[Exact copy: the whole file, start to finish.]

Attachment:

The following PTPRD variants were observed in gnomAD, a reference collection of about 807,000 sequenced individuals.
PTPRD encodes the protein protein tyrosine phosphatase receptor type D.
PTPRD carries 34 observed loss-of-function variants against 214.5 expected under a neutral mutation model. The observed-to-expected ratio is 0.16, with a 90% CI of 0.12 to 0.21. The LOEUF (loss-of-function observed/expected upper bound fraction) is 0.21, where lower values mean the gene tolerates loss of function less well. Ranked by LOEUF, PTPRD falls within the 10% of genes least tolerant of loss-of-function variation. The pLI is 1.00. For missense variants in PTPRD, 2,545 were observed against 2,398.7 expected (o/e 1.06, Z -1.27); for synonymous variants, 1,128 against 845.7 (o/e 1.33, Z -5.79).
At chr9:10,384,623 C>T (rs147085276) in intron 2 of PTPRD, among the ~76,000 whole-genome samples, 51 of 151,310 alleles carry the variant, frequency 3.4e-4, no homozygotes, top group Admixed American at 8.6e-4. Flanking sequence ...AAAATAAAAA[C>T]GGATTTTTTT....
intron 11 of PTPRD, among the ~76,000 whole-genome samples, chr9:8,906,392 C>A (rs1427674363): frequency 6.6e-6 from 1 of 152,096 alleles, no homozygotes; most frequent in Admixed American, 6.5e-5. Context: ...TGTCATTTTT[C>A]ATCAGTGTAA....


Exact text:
The following PTPRD variants were observed in gnomAD, a reference collection of about 807,000 sequenced individuals.
PTPRD encodes the protein protein tyrosine phosphatase receptor type D.
PTPRD carries 34 observed loss-of-function variants against 214.5 expected under a neutral mutation model. The observed-to-expected ratio is 0.16, with a 90% CI of 0.12 to 0.21. The LOEUF (loss-of-function observed/expected upper bound fraction) is 0.21, where lower values mean the gene tolerates loss of function less well. Ranked by LOEUF, PTPRD falls within the 10% of genes least tolerant of loss-of-function variation. The pLI is 1.00. For missense variants in PTPRD, 2,545 were observed against 2,398.7 expected (o/e 1.06, Z -1.27); for synonymous variants, 1,128 against 845.7 (o/e 1.33, Z -5.79).
At chr9:10,384,623 C>T (rs147085276) in intron 2 of PTPRD, among the ~76,000 whole-genome samples, 51 of 151,310 alleles carry the variant, frequency 3.4e-4, no homozygotes, top group Admixed American at 8.6e-4. Flanking sequence ...AAAATAAAAA[C>T]GGATTTTTTT....
intron 11 of PTPRD, among the ~76,000 whole-genome samples, chr9:8,906,392 C>A (rs1427674363): frequency 6.6e-6 from 1 of 152,096 alleles, no homozygotes; most frequent in Admixed American, 6.5e-5. Context: ...TGTCATTTTT[C>A]ATCAGTGTAA....